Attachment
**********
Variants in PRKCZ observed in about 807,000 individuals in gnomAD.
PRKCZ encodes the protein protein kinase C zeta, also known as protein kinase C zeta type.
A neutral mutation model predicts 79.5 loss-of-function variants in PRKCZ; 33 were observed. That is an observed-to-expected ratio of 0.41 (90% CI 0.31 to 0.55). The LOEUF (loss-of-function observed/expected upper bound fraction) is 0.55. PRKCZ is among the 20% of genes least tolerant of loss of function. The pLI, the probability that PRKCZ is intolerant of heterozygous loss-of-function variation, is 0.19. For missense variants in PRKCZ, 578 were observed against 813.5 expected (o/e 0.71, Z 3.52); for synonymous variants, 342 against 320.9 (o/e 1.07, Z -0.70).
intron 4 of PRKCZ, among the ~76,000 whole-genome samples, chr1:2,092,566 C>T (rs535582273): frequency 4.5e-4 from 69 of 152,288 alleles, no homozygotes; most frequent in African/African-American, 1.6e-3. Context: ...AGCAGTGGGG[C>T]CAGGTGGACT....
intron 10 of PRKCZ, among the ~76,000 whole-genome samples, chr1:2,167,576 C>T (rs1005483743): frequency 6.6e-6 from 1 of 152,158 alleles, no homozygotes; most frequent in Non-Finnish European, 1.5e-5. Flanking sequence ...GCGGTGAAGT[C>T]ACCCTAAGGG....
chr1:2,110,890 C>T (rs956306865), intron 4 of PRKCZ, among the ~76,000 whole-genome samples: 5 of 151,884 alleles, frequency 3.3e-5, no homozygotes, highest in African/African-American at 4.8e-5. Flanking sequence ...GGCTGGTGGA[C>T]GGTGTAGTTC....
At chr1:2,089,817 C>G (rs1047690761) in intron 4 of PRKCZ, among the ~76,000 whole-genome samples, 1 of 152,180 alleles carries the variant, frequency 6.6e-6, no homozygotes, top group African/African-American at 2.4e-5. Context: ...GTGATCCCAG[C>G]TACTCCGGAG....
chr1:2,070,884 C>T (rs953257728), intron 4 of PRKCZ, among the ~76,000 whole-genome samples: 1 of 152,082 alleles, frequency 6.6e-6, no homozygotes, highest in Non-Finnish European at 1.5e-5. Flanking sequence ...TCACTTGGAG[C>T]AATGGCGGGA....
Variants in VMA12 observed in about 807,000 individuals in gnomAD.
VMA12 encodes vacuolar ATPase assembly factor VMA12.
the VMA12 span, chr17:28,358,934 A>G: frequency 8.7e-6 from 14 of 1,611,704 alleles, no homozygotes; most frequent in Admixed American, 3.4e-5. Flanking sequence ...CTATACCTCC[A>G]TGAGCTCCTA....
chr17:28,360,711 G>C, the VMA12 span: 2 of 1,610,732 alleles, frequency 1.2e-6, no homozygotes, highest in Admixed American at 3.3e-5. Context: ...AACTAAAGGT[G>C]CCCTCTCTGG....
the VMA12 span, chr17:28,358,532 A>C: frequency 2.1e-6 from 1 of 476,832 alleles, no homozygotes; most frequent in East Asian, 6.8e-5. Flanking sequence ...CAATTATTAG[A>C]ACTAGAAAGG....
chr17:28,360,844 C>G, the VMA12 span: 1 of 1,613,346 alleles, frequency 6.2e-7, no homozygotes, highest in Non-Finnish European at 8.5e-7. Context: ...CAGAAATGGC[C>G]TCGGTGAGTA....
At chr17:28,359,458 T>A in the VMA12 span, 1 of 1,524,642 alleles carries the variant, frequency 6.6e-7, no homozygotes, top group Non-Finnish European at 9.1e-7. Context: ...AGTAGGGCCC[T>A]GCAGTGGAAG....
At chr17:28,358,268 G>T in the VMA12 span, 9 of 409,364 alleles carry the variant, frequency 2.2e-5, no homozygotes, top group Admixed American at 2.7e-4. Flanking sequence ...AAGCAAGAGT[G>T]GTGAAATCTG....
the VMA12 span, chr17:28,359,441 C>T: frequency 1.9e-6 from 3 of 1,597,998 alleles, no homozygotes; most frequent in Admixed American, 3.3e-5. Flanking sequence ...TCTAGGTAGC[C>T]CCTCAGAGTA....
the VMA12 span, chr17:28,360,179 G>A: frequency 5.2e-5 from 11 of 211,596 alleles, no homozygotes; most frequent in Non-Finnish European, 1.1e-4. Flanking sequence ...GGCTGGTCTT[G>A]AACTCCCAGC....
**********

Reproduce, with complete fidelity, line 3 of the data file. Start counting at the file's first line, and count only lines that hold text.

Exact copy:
A neutral mutation model predicts 79.5 loss-of-function variants in PRKCZ; 33 were observed. That is an observed-to-expected ratio of 0.41 (90% CI 0.31 to 0.55). The LOEUF (loss-of-function observed/expected upper bound fraction) is 0.55. PRKCZ is among the 20% of genes least tolerant of loss of function. The pLI, the probability that PRKCZ is intolerant of heterozygous loss-of-function variation, is 0.19. For missense variants in PRKCZ, 578 were observed against 813.5 expected (o/e 0.71, Z 3.52); for synonymous variants, 342 against 320.9 (o/e 1.07, Z -0.70).